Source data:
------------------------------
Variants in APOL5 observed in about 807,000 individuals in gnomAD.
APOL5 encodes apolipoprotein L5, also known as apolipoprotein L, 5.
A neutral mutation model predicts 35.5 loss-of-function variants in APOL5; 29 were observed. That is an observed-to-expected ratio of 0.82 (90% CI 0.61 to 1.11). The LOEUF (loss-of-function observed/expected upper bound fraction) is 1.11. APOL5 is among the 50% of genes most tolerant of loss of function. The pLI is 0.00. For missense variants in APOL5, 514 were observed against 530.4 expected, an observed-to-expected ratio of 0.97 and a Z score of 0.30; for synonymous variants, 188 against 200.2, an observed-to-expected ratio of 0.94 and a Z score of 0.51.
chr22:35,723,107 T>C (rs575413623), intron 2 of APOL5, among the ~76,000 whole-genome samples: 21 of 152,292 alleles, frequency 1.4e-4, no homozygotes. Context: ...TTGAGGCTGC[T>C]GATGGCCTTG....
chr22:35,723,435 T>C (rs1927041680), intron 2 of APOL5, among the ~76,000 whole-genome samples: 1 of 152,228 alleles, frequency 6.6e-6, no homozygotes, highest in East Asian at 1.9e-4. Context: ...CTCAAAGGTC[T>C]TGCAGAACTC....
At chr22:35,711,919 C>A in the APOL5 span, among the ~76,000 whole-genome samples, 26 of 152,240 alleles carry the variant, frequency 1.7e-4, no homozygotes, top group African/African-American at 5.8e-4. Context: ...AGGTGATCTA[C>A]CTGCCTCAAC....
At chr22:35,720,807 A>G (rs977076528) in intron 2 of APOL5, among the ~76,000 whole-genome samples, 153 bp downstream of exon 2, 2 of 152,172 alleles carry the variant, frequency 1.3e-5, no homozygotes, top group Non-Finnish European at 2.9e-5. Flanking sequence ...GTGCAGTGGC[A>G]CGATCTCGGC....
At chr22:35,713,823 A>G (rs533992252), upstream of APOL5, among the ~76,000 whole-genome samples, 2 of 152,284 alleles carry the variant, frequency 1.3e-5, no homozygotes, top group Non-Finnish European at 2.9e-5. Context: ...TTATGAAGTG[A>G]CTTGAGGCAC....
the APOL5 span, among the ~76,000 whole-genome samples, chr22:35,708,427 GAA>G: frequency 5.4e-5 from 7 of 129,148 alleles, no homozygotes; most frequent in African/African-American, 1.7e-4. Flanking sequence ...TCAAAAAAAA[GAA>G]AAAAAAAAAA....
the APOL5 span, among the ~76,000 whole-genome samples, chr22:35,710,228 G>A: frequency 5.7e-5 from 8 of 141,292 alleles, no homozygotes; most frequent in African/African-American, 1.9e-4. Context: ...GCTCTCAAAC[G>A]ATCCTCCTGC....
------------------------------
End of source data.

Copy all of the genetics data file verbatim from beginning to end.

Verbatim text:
Variants in APOL5 observed in about 807,000 individuals in gnomAD.
APOL5 encodes apolipoprotein L5, also known as apolipoprotein L, 5.
A neutral mutation model predicts 35.5 loss-of-function variants in APOL5; 29 were observed. That is an observed-to-expected ratio of 0.82 (90% CI 0.61 to 1.11). The LOEUF (loss-of-function observed/expected upper bound fraction) is 1.11. APOL5 is among the 50% of genes most tolerant of loss of function. The pLI is 0.00. For missense variants in APOL5, 514 were observed against 530.4 expected, an observed-to-expected ratio of 0.97 and a Z score of 0.30; for synonymous variants, 188 against 200.2, an observed-to-expected ratio of 0.94 and a Z score of 0.51.
chr22:35,723,107 T>C (rs575413623), intron 2 of APOL5, among the ~76,000 whole-genome samples: 21 of 152,292 alleles, frequency 1.4e-4, no homozygotes. Context: ...TTGAGGCTGC[T>C]GATGGCCTTG....
chr22:35,723,435 T>C (rs1927041680), intron 2 of APOL5, among the ~76,000 whole-genome samples: 1 of 152,228 alleles, frequency 6.6e-6, no homozygotes, highest in East Asian at 1.9e-4. Context: ...CTCAAAGGTC[T>C]TGCAGAACTC....
At chr22:35,711,919 C>A in the APOL5 span, among the ~76,000 whole-genome samples, 26 of 152,240 alleles carry the variant, frequency 1.7e-4, no homozygotes, top group African/African-American at 5.8e-4. Context: ...AGGTGATCTA[C>A]CTGCCTCAAC....
At chr22:35,720,807 A>G (rs977076528) in intron 2 of APOL5, among the ~76,000 whole-genome samples, 153 bp downstream of exon 2, 2 of 152,172 alleles carry the variant, frequency 1.3e-5, no homozygotes, top group Non-Finnish European at 2.9e-5. Flanking sequence ...GTGCAGTGGC[A>G]CGATCTCGGC....
At chr22:35,713,823 A>G (rs533992252), upstream of APOL5, among the ~76,000 whole-genome samples, 2 of 152,284 alleles carry the variant, frequency 1.3e-5, no homozygotes, top group Non-Finnish European at 2.9e-5. Context: ...TTATGAAGTG[A>G]CTTGAGGCAC....
the APOL5 span, among the ~76,000 whole-genome samples, chr22:35,708,427 GAA>G: frequency 5.4e-5 from 7 of 129,148 alleles, no homozygotes; most frequent in African/African-American, 1.7e-4. Flanking sequence ...TCAAAAAAAA[GAA>G]AAAAAAAAAA....
the APOL5 span, among the ~76,000 whole-genome samples, chr22:35,710,228 G>A: frequency 5.7e-5 from 8 of 141,292 alleles, no homozygotes; most frequent in African/African-American, 1.9e-4. Context: ...GCTCTCAAAC[G>A]ATCCTCCTGC....